Kosovo Traveler Information - Travel Advice
Travel Advice with a Travel Advisory overview from the US State Department. Here we cover Visa, Safety & Security, local Laws and Insurance in our Kosovo Traveler Information guide.
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PASSPORT VALIDITY: Must be valid at time of entry.
BLANK PASSPORT PAGES: One page required for entry stamp.
TOURIST VISA REQUIRED: Not required for visits less than 90 days in a six-month period.
CURRENCY RESTRICTIONS FOR ENTRY: 10,000 euros or more in cash must be declared.
CURRENCY RESTRICTIONS FOR EXIT: 10,000 euros or more in cash must be declared.
Embassies and Consulates
U.S. Embassy Pristina
Rr. “4 Korriku” Nr. 25
10000 Pristina, Kosovo
Telephone: +(383) (38) 5959-3000
Emergency After-Hours Telephone: +(383) (38) 5959-3000
See the Department of State’s Fact Sheet on Kosovo for information on U.S. - Kosovo relations.
Entry, Exit and Visa Requirements
U.S. citizens need a valid passport to enter Kosovo and may be asked to provide documentation stating the purpose of their visit.
§ No visa is required for tourist trips of up to 90 days within six months.
§ For work, study, or visits longer than 90 days within six months, you must apply for a temporary residence permit once in Kosovo at Pristina’s Division for Foreigners, Visa and Residence Permit. Please contact this office for additional information prior to arrival in Kosovo.
§ To apply for a temporary residence permit, you will need to provide proof of local health insurance and an official police background check report. See our Criminal Records checks page on our website. The U.S. Embassy cannot assist you in obtaining background checks, certificates of conduct, or fingerprints.
The U.S. Embassy cannot intervene on your behalf, obtain a background check report for you at the airport when applying for a visa, or assist if you are denied entry into Kosovo.
Kosovo law requires U.S. citizens to present photo identification (original ID, driver’s license or a passport) to prove identity when asked by an authorized official.
Additional Entry/Exit Requirements for Minors: Kosovo law requires unaccompanied children under 14, regardless of nationality, to have written, notarized permission from either both parents or legal guardians to depart Kosovo. Please review our website for more information on children’s issues.
Special note on travel to Serbia: If you wish to travel to Serbia after visiting Kosovo, you must have initially entered Kosovo through Serbia and have a valid, recent Serbian entry stamp. U.S. citizens entering Kosovo from a country other than Serbia, including from any other country via Pristina’s airport, will be barred from entering Serbia by Serbian border officials.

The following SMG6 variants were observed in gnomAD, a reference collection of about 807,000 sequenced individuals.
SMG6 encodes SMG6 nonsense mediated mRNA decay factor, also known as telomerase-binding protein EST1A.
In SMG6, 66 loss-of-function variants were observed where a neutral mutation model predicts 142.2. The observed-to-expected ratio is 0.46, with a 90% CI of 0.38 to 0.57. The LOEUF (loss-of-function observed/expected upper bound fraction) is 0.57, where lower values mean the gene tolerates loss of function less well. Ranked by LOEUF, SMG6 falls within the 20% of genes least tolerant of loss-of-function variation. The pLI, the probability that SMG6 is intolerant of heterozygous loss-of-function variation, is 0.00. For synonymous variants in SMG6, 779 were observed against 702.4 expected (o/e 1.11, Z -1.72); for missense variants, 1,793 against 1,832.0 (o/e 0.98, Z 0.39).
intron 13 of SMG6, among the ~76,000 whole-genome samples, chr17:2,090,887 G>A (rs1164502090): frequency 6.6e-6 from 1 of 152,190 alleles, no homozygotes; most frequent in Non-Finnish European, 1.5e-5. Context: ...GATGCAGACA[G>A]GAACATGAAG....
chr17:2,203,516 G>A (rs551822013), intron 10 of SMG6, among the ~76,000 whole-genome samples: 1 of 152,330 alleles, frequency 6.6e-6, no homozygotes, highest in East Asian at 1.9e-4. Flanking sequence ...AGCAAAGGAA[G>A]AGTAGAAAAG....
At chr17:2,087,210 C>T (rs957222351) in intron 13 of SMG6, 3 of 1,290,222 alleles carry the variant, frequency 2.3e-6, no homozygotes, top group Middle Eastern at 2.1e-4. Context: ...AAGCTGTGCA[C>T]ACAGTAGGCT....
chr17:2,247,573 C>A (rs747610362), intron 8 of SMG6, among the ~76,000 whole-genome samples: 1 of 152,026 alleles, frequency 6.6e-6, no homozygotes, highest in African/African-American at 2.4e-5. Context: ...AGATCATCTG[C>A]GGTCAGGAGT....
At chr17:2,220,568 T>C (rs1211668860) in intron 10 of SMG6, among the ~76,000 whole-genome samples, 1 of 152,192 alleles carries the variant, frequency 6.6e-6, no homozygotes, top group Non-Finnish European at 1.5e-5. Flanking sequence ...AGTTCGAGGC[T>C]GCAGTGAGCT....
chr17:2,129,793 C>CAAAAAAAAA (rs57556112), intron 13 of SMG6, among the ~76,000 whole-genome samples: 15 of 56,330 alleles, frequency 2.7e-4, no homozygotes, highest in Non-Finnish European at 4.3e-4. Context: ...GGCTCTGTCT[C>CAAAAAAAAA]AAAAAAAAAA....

Visit the Embassy of Kosovo website for the most current visa information.
The U.S. Department of State is unaware of any HIV/AIDS entry restrictions for visitors to or foreign residents of Kosovo.
Safety and Security
For most visitors, Kosovo remains a safe country. Petty street crime is the most common safety concern for U.S. citizens. The Kosovo Police, assisted by the EU Rule of Law mission (EULEX) and the NATO-led Kosovo Force (KFOR), are responsible for safety and security in Kosovo. The U.S. Embassy has no law enforcement authority.
Credible information indicates terrorist groups continue plotting possible attacks in Europe. European governments are taking action to guard against terrorist attacks; however, all European countries remain potentially vulnerable to attacks from transnational terrorist organizations. Exercise caution at festivals and other public events. If you are in a crowd and the security situation begins to deteriorate, leave the area immediately. Remain aware of your surroundings and have a plan for escape should an emergency arise. Monitor instructions from the nearest U.S. Embassy or Consulate.
- Travel by U.S. Embassy personnel to North Mitrovica, Leposavic, Zubin Potok, and Zvecan is restricted due to incidents of violence and high tensions in these areas. The U.S. government strongly advises private U.S. citizens to avoid traveling to these regions as well. The U.S. Embassy has limited ability to assist U.S. citizens who encounter difficulties in these areas.
- Organized crime is present in Kosovo, occasionally resulting in violent confrontations between rival organizations. Most incidents are politically motivated and are not directed at tourists or foreigners.
- Sporting events may also trigger violence or protests.
- Celebratory gunfire and the use of low-quality fireworks are common during holidays and celebrations. Serious injuries and death have occurred as a result of stray bullets and accidents evolving fireworks. It is strongly advised to remain indoors when viewing fireworks displays.
U.S. citizens should avoid demonstrations, events involving political/ethnic/religious/social causes, or any other large groups. Demonstrations occur frequently, particularly in Pristina, often with little or no notice. Demonstrations can cause serious traffic disruptions or violent incidents. For more information, visit U.S. Embassy Kosovo’s alert and messages page.